BUDAPEST, Hungary — European Central Bank President Mario Draghi on Friday defended his Hungarian counterpart against the government's efforts to limit his independence and authority over monetary policy.
Draghi emphasized the importance that central banks remain independent of government influence.
Prime Minister Viktor Orban and his government have over the past two years frequently been critical of National Bank of Hungary President Andras Simor's policy decisions. Orban's government also has tried to diminish Simor's influence over monetary policy, but under international pressure - including from the ECB - has relented.
"It's an opportunity to pay (Simor) a tribute of gratitude for his work," Draghi said while speaking at a conference hosted by the NBH. "I want to acknowledge his commitment ... to Europe and to his country."
Simor and his two deputies have in recent months consistently been outvoted by the four, government-backed members of the rate-setting Monetary Council. That resulted in the NBH lowering its key interest rate during each of the last four months - from 7 percent in August to 6 percent now - to align itself with government efforts to boost economic growth.
In his speech, Draghi appeared to support Simor in his votes against the rate cuts, noting that such aggressive interest rates reductions could fuel inflation.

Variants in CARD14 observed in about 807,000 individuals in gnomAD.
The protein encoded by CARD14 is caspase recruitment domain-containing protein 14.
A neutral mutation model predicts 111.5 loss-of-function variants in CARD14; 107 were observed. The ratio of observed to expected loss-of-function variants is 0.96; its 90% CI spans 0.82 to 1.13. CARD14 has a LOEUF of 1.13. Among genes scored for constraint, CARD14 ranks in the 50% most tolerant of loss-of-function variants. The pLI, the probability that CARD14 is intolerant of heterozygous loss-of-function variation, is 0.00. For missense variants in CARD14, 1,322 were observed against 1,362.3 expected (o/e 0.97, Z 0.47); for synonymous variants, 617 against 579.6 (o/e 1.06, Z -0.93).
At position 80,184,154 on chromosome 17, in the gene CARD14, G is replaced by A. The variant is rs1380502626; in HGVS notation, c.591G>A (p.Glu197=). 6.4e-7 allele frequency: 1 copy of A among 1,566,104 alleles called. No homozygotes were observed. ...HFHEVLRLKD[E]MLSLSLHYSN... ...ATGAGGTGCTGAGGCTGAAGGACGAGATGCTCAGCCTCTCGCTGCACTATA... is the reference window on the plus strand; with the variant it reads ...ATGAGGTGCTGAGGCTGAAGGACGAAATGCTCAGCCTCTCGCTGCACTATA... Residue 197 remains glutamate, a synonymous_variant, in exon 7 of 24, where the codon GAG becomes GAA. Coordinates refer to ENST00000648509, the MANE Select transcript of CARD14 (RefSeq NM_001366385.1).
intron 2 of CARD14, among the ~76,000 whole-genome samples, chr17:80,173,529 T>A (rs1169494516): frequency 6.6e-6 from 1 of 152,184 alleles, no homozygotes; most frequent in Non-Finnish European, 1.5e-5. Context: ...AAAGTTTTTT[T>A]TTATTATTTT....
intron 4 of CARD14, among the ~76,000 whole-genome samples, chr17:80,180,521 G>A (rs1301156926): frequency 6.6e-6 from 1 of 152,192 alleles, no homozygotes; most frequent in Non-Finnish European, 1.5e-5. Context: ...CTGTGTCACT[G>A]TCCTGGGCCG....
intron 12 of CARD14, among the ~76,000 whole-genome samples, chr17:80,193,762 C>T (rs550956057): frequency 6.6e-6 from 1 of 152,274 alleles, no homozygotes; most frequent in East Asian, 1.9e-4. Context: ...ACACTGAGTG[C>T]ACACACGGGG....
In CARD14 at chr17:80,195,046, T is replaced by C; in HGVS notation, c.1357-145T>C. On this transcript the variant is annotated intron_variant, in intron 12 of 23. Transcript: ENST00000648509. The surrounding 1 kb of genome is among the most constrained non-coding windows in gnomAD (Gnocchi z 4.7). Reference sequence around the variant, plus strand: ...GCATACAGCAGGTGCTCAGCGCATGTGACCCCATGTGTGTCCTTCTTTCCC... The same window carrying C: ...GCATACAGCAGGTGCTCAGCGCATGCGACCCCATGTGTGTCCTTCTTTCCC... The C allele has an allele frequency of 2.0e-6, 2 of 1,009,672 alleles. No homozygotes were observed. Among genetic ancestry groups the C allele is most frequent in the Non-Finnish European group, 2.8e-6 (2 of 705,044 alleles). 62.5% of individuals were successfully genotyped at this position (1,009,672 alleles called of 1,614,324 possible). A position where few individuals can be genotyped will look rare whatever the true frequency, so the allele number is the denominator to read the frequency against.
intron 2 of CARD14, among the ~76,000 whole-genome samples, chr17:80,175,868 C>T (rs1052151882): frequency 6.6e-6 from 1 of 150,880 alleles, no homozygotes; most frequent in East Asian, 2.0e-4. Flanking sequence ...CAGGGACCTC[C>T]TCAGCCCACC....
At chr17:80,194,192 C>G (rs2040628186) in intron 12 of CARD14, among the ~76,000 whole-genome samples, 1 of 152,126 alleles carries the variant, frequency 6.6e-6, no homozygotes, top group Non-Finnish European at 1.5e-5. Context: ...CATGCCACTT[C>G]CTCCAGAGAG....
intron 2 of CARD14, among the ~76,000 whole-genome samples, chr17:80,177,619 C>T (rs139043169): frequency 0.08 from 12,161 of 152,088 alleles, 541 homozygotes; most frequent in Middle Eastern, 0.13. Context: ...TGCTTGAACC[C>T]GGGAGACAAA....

Hungary is struggling to fuel economic growth - gross domestic product contracted an annual 1.5 percent in the third quarter of 2012 - while also coping with the highest inflation rate in the European Union, an annual 6 percent in October.
While stressing that Hungary had made "considerable achievements" in improving the economy, Simor also criticized some of the government's measures, including exceptionally high taxes on banks and other sectors as well as the nationalization of private pension funds.
"The frequent changes in the regulatory environment and the windfall taxes have rendered all commercial calculations concerning the future uncertain, leading to a predictability chaos," said Simor, whose six-year term ends in March. "The primary problem is not the fiscal deficit by rather a lack of confidence."
The ECB has expressed repeated concerns about Hungary's changes to its central banking law. The International Monetary Fund and the European Union threatened to withhold financial rescue funds if it did not back off, leading Hungary to comply.
In its last legal opinion from June 28, the ECB said the Hungarian government's response "addresses the most important remaining concerns" about central bank independence. But the bank added that it "will monitor closely the observance in practice of central bank independence" in Hungary.
As an EU member, Hungary is on paper committed to adopt the euro, the currency zone for which the ECB sets monetary policy. There is no fixed timetable, however, for the country to meet the tough requirements for limiting debt, deficits and inflation needed to join the euro bloc.
David McHugh in Frankfurt contributed to this report.